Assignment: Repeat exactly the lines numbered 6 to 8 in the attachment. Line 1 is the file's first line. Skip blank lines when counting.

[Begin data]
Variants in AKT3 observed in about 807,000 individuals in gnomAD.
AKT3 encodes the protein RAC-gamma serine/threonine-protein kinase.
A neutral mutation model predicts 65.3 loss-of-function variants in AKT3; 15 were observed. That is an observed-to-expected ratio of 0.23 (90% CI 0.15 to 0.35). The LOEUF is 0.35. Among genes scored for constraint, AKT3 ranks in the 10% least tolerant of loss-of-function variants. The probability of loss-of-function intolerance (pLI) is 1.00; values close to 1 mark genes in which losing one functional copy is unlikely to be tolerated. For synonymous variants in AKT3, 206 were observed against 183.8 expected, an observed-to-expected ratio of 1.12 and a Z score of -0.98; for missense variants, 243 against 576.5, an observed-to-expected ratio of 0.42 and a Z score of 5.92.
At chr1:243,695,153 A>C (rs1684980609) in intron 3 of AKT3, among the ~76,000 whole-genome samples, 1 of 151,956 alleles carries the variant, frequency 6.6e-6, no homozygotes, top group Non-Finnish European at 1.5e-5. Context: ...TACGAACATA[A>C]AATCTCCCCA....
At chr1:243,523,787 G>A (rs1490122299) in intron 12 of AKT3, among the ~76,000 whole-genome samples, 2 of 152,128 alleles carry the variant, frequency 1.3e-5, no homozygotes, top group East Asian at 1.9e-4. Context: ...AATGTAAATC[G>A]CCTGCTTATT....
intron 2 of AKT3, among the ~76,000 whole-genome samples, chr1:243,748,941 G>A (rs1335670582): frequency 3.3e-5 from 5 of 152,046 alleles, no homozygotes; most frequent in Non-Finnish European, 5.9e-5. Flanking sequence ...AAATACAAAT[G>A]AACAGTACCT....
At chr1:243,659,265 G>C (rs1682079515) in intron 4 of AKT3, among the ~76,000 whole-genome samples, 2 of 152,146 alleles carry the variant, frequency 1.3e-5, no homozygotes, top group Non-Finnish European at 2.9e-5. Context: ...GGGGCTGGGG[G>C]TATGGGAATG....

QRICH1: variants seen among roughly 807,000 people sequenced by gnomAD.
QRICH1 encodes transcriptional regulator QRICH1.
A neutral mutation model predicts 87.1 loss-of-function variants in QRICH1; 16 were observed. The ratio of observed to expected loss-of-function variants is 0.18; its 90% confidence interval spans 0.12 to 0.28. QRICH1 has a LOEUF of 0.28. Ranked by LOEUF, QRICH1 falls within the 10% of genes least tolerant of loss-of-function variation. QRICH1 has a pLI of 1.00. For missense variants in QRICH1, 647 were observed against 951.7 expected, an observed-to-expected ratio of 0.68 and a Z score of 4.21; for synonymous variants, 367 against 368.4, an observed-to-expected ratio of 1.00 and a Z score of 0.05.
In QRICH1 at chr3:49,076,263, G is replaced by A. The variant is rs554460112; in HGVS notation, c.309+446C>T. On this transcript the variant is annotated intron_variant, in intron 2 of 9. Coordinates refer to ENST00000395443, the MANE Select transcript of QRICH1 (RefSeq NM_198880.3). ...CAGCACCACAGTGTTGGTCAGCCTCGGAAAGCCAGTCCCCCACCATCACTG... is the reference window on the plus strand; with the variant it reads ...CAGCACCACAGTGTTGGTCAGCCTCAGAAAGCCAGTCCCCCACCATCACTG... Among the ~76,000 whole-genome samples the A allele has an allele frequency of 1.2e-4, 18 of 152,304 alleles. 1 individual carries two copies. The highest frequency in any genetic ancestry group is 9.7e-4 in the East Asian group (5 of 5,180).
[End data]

intron 2 of AKT3, among the ~76,000 whole-genome samples, chr1:243,748,941 G>A (rs1335670582): frequency 3.3e-5 from 5 of 152,046 alleles, no homozygotes; most frequent in Non-Finnish European, 5.9e-5. Flanking sequence ...AAATACAAAT[G>A]AACAGTACCT....
At chr1:243,659,265 G>C (rs1682079515) in intron 4 of AKT3, among the ~76,000 whole-genome samples, 2 of 152,146 alleles carry the variant, frequency 1.3e-5, no homozygotes, top group Non-Finnish European at 2.9e-5. Context: ...GGGGCTGGGG[G>C]TATGGGAATG....

QRICH1: variants seen among roughly 807,000 people sequenced by gnomAD.